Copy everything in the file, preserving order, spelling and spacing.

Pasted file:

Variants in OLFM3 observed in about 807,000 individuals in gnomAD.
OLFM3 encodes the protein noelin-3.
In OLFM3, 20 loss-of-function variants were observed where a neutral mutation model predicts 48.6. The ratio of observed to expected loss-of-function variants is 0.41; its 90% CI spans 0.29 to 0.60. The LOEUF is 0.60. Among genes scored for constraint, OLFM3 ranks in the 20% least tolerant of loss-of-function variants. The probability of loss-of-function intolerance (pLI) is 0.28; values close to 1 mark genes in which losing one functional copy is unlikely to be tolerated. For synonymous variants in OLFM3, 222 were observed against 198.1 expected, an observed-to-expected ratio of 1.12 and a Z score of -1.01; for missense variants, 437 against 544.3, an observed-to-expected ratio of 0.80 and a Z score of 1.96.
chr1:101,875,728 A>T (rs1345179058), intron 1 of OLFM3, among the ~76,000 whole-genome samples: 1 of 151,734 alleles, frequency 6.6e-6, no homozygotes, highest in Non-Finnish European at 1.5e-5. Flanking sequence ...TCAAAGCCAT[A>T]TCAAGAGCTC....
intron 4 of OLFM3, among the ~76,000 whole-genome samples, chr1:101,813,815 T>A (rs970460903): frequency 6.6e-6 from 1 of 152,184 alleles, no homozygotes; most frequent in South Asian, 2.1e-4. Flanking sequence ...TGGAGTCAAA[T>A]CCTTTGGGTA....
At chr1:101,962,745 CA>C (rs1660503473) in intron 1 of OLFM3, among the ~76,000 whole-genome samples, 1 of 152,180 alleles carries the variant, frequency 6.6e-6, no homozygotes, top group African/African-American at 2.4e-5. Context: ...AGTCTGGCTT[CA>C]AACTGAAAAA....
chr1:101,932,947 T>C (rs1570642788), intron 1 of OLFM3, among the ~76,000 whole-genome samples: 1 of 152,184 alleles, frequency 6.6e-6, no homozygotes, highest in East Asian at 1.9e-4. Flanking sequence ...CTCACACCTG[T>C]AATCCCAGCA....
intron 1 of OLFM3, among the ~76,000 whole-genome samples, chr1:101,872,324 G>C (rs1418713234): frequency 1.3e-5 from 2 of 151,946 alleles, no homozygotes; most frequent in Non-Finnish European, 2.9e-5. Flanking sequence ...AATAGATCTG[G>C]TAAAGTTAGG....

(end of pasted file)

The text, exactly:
Variants in OLFM3 observed in about 807,000 individuals in gnomAD.
OLFM3 encodes the protein noelin-3.
In OLFM3, 20 loss-of-function variants were observed where a neutral mutation model predicts 48.6. The ratio of observed to expected loss-of-function variants is 0.41; its 90% CI spans 0.29 to 0.60. The LOEUF is 0.60. Among genes scored for constraint, OLFM3 ranks in the 20% least tolerant of loss-of-function variants. The probability of loss-of-function intolerance (pLI) is 0.28; values close to 1 mark genes in which losing one functional copy is unlikely to be tolerated. For synonymous variants in OLFM3, 222 were observed against 198.1 expected, an observed-to-expected ratio of 1.12 and a Z score of -1.01; for missense variants, 437 against 544.3, an observed-to-expected ratio of 0.80 and a Z score of 1.96.
chr1:101,875,728 A>T (rs1345179058), intron 1 of OLFM3, among the ~76,000 whole-genome samples: 1 of 151,734 alleles, frequency 6.6e-6, no homozygotes, highest in Non-Finnish European at 1.5e-5. Flanking sequence ...TCAAAGCCAT[A>T]TCAAGAGCTC....
intron 4 of OLFM3, among the ~76,000 whole-genome samples, chr1:101,813,815 T>A (rs970460903): frequency 6.6e-6 from 1 of 152,184 alleles, no homozygotes; most frequent in South Asian, 2.1e-4. Flanking sequence ...TGGAGTCAAA[T>A]CCTTTGGGTA....
At chr1:101,962,745 CA>C (rs1660503473) in intron 1 of OLFM3, among the ~76,000 whole-genome samples, 1 of 152,180 alleles carries the variant, frequency 6.6e-6, no homozygotes, top group African/African-American at 2.4e-5. Context: ...AGTCTGGCTT[CA>C]AACTGAAAAA....
chr1:101,932,947 T>C (rs1570642788), intron 1 of OLFM3, among the ~76,000 whole-genome samples: 1 of 152,184 alleles, frequency 6.6e-6, no homozygotes, highest in East Asian at 1.9e-4. Flanking sequence ...CTCACACCTG[T>C]AATCCCAGCA....
intron 1 of OLFM3, among the ~76,000 whole-genome samples, chr1:101,872,324 G>C (rs1418713234): frequency 1.3e-5 from 2 of 151,946 alleles, no homozygotes; most frequent in Non-Finnish European, 2.9e-5. Flanking sequence ...AATAGATCTG[G>C]TAAAGTTAGG....